austin_dern (austin_dern) wrote,

Don't make a grown man cry

Dear User Interface Designers: We don't hate you as much as you obviously hate us, but you're making it harder for us.

We have a universal-type remote for the DirecTV Tivo and the TV set. In principle it can maybe work the DVD too, but that would take effort to set up. Instead, it mostly sits in DirecTV Mode, from which it can turn the TV on and off and also switch it between DirecTV, Wii, and DVD player inputs. To watch the DVD today (The King Of Kong, if you're curious) I had to switch the remote over to TV-only mode because somehow the TV Mode channel had moved from Channel 3 over to Channel 5. Normal enough. And of course I forgot to change it back.

After exercising, I handed the remote to my mother, who couldn't get the DirecTV cable guide list because according to the on-screen buttons, that's a function only available in DirecTV Mode and the remote was not in DirecTV Mode. She hadn't been aware of my switching the mode out since, why would she be?

Let me run down that action again: The satellite receiver refused to let a button do the only thing that button could possibly do because the remote's mode selector was wrong. I can hear some user-interface weenie insisting that it was necessary because the remote's user might not be aware of what mode the controller was in, and might be confused if a button that had meaning in multiple modes --- such as the channel up/down buttons --- were pressed and the wrong thing happened. But that means the remote decided to induce confusion in order to head off the possibility of confusion.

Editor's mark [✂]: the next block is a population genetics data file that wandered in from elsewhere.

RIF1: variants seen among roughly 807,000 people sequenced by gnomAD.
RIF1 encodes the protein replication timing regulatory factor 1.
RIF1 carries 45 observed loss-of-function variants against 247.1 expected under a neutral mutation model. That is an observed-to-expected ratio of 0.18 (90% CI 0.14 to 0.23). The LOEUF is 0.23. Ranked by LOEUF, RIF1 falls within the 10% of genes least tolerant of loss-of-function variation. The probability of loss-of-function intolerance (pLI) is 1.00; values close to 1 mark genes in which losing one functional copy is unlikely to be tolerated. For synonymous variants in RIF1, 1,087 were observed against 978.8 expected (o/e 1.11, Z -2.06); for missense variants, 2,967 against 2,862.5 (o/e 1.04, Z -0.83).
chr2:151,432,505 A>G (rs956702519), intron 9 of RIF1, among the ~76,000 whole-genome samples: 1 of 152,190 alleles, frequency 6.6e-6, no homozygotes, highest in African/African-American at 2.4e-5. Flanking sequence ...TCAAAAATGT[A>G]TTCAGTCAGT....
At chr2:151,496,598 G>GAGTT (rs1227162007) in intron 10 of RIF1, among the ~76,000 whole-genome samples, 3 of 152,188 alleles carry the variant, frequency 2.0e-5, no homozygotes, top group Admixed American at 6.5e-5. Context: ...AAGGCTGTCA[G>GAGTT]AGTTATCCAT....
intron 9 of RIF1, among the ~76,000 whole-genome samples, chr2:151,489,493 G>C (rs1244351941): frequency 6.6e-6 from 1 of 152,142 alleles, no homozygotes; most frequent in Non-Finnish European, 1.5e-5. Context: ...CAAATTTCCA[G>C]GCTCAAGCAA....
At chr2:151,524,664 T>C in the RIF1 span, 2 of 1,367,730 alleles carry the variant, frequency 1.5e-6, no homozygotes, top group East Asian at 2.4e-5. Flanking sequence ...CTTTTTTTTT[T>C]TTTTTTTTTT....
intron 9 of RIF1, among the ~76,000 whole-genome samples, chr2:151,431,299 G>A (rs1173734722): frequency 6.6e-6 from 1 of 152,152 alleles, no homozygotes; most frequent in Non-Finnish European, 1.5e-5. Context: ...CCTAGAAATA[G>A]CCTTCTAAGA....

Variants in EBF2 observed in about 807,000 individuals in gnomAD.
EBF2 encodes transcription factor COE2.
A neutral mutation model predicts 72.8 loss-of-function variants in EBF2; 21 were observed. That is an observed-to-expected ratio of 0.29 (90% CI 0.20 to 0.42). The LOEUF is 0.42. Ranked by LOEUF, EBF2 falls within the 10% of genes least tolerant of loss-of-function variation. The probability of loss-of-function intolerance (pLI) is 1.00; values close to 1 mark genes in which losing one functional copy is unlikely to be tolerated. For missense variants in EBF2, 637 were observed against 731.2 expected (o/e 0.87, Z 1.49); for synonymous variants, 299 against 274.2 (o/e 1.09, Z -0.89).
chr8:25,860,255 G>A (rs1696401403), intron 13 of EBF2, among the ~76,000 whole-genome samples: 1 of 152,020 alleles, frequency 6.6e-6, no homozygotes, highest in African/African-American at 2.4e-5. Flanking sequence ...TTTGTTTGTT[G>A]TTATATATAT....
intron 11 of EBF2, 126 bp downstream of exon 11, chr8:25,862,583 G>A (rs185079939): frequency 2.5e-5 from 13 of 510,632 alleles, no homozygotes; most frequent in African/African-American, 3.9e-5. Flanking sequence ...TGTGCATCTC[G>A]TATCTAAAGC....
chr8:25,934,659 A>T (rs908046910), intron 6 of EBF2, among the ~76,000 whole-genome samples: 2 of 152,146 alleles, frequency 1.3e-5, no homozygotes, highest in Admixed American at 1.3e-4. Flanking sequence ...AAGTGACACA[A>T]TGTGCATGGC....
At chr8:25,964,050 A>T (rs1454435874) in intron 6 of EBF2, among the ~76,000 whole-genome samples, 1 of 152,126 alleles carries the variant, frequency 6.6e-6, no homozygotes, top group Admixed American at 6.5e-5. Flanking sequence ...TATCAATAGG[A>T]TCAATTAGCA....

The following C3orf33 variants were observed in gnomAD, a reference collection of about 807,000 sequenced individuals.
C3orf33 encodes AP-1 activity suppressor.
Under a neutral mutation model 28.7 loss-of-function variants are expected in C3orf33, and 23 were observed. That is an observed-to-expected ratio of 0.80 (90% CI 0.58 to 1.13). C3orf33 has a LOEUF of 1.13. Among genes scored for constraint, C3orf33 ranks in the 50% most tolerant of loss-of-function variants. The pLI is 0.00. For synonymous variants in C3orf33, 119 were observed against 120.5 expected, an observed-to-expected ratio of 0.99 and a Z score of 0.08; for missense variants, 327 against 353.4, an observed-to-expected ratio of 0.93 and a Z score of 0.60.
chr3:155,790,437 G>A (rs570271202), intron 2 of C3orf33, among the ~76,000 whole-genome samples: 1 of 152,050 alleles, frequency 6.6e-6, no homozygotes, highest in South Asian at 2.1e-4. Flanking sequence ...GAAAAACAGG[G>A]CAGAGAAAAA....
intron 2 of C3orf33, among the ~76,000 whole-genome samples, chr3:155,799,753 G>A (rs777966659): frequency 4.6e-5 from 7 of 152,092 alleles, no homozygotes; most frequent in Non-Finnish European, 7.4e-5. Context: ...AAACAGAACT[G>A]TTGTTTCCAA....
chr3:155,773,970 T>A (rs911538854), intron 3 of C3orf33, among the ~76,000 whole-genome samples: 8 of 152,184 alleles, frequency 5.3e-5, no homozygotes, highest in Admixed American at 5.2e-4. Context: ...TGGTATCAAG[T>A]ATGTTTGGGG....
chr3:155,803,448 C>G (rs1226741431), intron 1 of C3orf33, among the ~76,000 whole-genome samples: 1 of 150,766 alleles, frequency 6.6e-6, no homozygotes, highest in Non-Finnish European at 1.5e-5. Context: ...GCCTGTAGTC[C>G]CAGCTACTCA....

The controller could easily have let the buttons that can only have one meaning have that meaning regardless of the main mode. Why can't we have the least surprising thing be the thing to expect?

Trivia: The second IBM Day, on the 13th of May, 1940, at the New York World's Fair cost a million dollars, more than ten percent of the company's profits for the year. Source: The Maverick And His Machine, Kevin Maney.

Currently Reading: Asimov on Numbers, Isaac Asimov. Which I've read many times before, of course, but I do have library privileges from the community college at which I'm teaching, and with the power to borrow a book and have it not due back until the semester is done I had to pick up something, didn't I?

PS: Or, Work It Out The Easy Way ... Trapezoid Week ends with a proof of the area formula so obvious I don't know why I bothered with any others.


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